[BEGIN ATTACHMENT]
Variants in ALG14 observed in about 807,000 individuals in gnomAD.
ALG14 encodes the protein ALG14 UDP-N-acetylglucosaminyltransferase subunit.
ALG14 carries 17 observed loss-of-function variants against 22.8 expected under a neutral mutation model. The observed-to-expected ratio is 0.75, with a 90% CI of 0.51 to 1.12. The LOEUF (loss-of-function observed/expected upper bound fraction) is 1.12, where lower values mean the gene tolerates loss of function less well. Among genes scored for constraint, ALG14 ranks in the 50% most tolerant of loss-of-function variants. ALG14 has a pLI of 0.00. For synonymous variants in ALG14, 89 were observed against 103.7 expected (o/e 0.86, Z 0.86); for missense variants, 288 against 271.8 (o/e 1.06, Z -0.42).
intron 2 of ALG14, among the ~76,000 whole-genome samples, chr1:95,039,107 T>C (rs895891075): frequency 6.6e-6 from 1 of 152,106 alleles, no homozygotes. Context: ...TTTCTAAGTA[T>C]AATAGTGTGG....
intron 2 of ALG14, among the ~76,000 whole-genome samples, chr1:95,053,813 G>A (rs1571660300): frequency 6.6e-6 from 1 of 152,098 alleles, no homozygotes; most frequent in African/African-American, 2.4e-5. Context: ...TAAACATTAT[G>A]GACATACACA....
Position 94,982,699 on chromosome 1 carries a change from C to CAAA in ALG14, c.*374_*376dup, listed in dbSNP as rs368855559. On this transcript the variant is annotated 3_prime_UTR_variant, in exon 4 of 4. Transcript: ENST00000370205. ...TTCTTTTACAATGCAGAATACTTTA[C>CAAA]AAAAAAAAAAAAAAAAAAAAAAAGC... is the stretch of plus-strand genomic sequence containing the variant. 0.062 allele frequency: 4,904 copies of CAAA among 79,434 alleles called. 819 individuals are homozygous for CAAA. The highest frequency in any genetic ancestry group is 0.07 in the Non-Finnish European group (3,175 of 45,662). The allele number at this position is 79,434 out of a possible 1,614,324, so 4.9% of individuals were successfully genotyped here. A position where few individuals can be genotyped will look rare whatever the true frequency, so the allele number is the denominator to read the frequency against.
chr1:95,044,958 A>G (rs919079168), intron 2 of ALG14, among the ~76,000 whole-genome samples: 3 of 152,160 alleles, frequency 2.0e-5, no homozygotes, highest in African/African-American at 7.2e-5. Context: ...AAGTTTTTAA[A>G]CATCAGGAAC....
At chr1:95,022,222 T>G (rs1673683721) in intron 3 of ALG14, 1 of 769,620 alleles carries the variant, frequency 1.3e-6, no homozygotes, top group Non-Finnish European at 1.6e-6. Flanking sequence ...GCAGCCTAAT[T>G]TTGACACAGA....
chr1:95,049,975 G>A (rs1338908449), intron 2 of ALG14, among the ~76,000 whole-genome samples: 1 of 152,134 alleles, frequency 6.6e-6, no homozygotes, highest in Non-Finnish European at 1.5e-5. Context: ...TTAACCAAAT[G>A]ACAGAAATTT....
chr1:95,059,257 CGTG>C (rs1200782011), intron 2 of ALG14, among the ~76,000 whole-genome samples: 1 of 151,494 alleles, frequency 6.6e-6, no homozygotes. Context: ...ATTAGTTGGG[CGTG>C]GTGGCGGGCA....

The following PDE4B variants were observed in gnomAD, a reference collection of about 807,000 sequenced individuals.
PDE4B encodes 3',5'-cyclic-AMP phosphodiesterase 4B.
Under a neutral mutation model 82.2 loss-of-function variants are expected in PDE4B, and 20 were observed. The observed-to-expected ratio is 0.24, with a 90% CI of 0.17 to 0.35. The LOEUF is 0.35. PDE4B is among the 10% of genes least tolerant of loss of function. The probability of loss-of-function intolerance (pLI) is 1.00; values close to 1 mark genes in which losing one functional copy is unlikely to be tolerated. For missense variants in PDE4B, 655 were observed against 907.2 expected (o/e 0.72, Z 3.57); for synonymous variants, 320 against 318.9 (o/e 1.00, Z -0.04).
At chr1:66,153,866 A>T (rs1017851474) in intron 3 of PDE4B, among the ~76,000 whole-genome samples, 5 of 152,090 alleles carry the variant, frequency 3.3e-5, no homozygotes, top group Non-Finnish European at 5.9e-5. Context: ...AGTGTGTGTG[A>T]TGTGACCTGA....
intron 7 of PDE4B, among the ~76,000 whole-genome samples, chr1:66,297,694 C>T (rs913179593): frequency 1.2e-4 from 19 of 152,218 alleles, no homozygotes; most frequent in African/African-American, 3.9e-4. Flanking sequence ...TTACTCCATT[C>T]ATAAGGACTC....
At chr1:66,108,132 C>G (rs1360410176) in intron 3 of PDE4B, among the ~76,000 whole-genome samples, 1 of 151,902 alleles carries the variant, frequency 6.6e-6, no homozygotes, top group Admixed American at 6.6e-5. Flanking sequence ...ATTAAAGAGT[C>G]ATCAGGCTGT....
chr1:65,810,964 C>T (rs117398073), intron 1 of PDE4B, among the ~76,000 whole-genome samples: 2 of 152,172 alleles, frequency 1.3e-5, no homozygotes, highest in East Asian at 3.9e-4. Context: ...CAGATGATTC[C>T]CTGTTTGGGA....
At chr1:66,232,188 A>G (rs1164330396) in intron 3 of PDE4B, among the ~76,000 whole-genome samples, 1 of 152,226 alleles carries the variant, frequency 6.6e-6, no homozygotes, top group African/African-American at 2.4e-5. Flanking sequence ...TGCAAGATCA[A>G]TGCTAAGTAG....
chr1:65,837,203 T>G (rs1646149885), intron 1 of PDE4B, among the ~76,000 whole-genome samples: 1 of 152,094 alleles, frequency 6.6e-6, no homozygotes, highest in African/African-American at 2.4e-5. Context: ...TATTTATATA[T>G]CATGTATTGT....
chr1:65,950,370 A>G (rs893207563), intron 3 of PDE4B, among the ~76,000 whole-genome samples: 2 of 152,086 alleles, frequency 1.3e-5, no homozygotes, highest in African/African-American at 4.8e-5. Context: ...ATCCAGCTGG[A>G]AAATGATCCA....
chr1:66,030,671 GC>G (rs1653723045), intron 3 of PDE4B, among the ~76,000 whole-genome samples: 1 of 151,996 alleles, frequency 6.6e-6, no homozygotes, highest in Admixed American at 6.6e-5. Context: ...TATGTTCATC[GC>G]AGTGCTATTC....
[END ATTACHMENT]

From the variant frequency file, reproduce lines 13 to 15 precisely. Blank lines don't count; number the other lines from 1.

Under a neutral mutation model 82.2 loss-of-function variants are expected in PDE4B, and 20 were observed. The observed-to-expected ratio is 0.24, with a 90% CI of 0.17 to 0.35. The LOEUF is 0.35. PDE4B is among the 10% of genes least tolerant of loss of function. The probability of loss-of-function intolerance (pLI) is 1.00; values close to 1 mark genes in which losing one functional copy is unlikely to be tolerated. For missense variants in PDE4B, 655 were observed against 907.2 expected (o/e 0.72, Z 3.57); for synonymous variants, 320 against 318.9 (o/e 1.00, Z -0.04).
At chr1:66,153,866 A>T (rs1017851474) in intron 3 of PDE4B, among the ~76,000 whole-genome samples, 5 of 152,090 alleles carry the variant, frequency 3.3e-5, no homozygotes, top group Non-Finnish European at 5.9e-5. Context: ...AGTGTGTGTG[A>T]TGTGACCTGA....
intron 7 of PDE4B, among the ~76,000 whole-genome samples, chr1:66,297,694 C>T (rs913179593): frequency 1.2e-4 from 19 of 152,218 alleles, no homozygotes; most frequent in African/African-American, 3.9e-4. Flanking sequence ...TTACTCCATT[C>T]ATAAGGACTC....